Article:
The following blog posts may be of further interest to you:
- Building bank reserves is not inflationary
- Will we really pay higher interest rates?
- Hyperdeflation, followed by rampant inflation
When an external deficit and public deficit coincide, there must be a private sector deficit, which means that governments can only really run fiscal deficits safely to support a private sector surplus, when net exports are strong.
The answer is False.
This question relies on your understanding of the sectoral balances that are derived from the national accounts and must hold by definition. The statement of sectoral balances doesn’t tell us anything about how the economy might get into the situation depicted. Whatever behavioural forces were at play, the sectoral balances all have to sum to zero. Once you understand that, then deduction leads to the correct answer.
To refresh your memory the balances are derived as follows. The basic income-expenditure model in macroeconomics can be viewed in (at least) two ways: (a) from the perspective of the sources of spending; and (b) from the perspective of the uses of the income produced. Bringing these two perspectives (of the same thing) together generates the sectoral balances.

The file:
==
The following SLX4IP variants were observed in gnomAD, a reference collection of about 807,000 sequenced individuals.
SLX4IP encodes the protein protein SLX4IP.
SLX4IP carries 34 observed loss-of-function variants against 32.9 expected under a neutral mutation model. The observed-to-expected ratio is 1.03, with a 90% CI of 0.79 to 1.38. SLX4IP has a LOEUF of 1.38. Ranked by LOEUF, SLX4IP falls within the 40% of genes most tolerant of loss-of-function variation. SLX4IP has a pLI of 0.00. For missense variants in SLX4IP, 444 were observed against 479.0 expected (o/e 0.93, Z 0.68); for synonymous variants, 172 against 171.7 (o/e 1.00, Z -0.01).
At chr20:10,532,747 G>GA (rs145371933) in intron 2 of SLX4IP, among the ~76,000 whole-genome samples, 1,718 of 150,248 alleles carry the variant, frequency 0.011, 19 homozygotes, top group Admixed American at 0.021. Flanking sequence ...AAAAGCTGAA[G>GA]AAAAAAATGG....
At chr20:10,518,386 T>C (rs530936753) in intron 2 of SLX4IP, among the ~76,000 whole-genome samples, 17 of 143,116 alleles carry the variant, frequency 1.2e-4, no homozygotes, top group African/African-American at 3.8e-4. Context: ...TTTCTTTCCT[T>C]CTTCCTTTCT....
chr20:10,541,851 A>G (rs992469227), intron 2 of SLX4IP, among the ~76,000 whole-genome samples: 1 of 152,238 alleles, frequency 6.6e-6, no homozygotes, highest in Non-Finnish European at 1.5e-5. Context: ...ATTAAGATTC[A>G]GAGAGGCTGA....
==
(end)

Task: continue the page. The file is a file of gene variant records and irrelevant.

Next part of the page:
From the sources perspective we write:
(1) GDP = C + I + G + (X – M)
which says that total national income (GDP) is the sum of total final consumption spending (C), total private investment (I), total government spending (G) and net exports (X – M).
Expression (1) tells us that total income in the economy per period will be exactly equal to total spending from all sources of expenditure.